Read the complete obituary (pdf)
Modern alchemy creates luminescent iron molecules
Kenneth Wärnmark (CAS), Villy Sundström (Division of Chemical Physics) and Petter Persson (Division of Theoretical Chemistry) have together with colleagues at Copenhagen and Uppsala University made the first iron-based molecule capable of emitting light. This could contribute to the development of affordable and environmentally friendly materials for e.g. solar cells, light sources and displays. Read more
Nanotubes that build themselves
Researchers from Lund University (Kenneth Wärnmark and others) together with colleagues from Vilnius University in Lithuania have succeeded in producing nanotubes from a single building block using so-called molecular self-recognition. The tube can also change shape depending on the surrounding environment. The results can contribute to the future development of transport channels for drugs through the cell membrane.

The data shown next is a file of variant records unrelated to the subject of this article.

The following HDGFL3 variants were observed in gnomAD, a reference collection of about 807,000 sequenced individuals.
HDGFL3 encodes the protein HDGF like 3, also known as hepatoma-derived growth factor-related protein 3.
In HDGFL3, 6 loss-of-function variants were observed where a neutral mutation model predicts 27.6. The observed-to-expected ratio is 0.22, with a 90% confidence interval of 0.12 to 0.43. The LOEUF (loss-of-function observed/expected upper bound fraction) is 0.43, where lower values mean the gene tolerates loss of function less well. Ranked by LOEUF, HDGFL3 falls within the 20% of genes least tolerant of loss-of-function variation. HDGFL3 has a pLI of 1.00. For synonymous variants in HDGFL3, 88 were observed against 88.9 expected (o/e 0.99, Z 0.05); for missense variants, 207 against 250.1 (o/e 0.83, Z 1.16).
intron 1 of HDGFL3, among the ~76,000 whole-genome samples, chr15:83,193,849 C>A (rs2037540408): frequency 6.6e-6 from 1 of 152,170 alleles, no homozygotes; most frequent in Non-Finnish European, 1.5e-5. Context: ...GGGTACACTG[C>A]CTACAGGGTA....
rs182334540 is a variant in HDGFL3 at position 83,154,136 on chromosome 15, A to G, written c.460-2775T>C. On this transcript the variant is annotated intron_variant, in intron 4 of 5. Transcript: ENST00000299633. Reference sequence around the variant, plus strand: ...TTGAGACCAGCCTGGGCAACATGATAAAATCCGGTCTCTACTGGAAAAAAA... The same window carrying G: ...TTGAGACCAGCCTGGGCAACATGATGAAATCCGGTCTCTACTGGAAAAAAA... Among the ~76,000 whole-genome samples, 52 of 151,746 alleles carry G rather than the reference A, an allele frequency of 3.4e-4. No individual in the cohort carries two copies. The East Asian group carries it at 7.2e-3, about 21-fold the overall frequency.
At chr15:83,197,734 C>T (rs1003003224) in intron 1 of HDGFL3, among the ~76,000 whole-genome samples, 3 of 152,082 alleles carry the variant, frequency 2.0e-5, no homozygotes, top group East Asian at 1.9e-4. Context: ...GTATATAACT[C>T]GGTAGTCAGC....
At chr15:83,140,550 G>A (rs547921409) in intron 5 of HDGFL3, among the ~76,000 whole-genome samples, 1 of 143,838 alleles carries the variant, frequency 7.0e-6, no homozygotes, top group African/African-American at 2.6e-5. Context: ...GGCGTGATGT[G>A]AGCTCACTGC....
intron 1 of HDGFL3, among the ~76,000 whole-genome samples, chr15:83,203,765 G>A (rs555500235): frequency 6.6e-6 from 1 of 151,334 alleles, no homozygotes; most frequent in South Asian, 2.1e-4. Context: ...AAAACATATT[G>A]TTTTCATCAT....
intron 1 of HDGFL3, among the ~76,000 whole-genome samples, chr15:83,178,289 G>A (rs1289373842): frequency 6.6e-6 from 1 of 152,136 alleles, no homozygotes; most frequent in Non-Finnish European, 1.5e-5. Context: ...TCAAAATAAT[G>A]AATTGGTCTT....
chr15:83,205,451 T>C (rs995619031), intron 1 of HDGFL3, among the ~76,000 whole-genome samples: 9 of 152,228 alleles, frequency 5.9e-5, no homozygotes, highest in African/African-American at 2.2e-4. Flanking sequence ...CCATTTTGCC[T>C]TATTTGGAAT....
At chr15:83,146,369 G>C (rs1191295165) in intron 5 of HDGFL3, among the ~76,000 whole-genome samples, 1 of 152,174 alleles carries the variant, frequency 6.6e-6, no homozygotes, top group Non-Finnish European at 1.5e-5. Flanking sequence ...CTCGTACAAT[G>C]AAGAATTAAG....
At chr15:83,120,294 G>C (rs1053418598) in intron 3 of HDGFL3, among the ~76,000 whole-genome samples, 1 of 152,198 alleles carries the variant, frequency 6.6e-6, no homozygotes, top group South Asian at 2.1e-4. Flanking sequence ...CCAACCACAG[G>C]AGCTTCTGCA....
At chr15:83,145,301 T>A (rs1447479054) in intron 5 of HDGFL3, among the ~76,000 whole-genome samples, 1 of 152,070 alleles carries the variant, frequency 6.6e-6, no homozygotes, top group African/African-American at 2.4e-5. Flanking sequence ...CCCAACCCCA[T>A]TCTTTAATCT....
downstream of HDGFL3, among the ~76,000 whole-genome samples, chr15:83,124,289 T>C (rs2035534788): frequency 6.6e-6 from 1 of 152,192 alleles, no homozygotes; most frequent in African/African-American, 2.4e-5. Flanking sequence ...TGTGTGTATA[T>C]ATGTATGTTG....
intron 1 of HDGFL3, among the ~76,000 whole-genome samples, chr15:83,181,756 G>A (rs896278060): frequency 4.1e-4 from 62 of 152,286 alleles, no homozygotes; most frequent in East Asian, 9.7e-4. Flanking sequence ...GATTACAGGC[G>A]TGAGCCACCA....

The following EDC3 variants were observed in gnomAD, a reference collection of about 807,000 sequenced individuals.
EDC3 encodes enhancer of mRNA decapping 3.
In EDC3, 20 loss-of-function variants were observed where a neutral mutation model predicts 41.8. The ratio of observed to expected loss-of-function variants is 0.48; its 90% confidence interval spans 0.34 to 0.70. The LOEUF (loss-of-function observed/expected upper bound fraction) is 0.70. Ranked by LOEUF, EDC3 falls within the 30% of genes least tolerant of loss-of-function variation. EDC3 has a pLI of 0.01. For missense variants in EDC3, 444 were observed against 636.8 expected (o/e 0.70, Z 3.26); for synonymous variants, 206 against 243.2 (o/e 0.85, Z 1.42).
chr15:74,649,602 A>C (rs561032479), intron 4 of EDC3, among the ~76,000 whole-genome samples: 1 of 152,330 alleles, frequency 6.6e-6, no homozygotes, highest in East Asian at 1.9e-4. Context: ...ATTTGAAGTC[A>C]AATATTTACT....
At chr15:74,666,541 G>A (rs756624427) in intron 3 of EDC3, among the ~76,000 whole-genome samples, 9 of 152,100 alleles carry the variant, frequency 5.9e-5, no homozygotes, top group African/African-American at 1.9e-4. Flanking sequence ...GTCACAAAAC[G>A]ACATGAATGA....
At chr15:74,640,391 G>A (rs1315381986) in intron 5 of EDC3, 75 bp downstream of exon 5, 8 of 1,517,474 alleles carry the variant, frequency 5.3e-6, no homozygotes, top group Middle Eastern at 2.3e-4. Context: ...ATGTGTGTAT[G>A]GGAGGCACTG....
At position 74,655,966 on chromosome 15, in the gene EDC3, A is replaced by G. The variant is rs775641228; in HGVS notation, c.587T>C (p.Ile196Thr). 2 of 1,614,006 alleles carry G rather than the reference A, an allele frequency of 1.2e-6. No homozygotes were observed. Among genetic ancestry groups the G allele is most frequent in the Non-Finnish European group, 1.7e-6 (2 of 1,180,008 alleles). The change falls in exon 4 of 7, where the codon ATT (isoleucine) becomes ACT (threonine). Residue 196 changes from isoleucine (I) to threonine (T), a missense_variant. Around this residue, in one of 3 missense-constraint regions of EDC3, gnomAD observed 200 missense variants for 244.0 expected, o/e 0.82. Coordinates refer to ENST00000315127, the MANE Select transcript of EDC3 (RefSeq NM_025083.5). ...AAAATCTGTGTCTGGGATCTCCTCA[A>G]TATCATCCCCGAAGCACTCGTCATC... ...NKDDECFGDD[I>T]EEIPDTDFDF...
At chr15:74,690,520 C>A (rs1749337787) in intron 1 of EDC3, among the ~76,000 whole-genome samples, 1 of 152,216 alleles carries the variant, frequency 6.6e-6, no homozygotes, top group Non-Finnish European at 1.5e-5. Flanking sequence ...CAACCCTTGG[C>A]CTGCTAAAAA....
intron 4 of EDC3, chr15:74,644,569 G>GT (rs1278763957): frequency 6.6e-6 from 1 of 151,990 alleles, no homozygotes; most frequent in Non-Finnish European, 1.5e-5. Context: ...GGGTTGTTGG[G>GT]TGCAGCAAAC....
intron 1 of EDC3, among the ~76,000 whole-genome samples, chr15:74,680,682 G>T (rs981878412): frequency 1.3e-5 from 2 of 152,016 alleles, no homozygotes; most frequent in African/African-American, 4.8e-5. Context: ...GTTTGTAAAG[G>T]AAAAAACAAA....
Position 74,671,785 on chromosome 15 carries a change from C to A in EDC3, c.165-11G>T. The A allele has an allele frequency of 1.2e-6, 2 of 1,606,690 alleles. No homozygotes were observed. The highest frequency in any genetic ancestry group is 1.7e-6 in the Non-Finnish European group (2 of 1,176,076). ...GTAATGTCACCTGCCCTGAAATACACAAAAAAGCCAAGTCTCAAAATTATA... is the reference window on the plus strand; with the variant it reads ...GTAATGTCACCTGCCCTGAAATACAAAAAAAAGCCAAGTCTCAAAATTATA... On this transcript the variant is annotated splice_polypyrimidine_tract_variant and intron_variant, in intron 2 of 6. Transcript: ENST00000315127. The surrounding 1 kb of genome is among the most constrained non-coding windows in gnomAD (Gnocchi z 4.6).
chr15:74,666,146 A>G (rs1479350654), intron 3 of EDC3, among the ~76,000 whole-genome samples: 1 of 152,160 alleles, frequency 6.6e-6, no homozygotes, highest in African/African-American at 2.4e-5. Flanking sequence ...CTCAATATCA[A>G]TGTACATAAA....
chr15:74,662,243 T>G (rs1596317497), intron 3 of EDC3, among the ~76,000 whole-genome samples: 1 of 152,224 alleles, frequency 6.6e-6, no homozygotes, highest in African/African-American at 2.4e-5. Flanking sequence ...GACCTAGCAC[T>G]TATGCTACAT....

Eva Unger is leading a Young Investigator Group
Eva Unger from the the Division of Chemical Physics is starting a Young Investigator Group (YIG) at Helmholtz-Center Berlin (HZB), co-financed by the Federal Ministry for Education and Science (BMBF). The new Young Investigator Group Hy-Per-FORME led by Eva Unger is working on scaling all processing steps to enable manufacturing of perovskite solar cells on larger areas. Eva Unger will be co-affiliated with Lund University and aims to strengthen cooperations with Lund University, Vrije Universiteit Amsterdam and the Universities in Berlin and Brandenburg. Read more
The Department of Chemistry receives University-wide funding for gender equality investments
The Department of Chemistry have received SEK 245 000 for anti-discrimination training at the department level.
New discovery about Alzheimer’s disease
Researchers at Lund University (Per Uvdal among others) have published new discovery about Alzheimer’s disease. Read more (in Swedish).
New publication in Nature
A group of researchers led by Pavel Chábera from the Division of Chemical Physics has published a new article in Nature entitled "A low-spin Fe(III) complex with 100-ps ligand-to-metal charge transfer photoluminescence".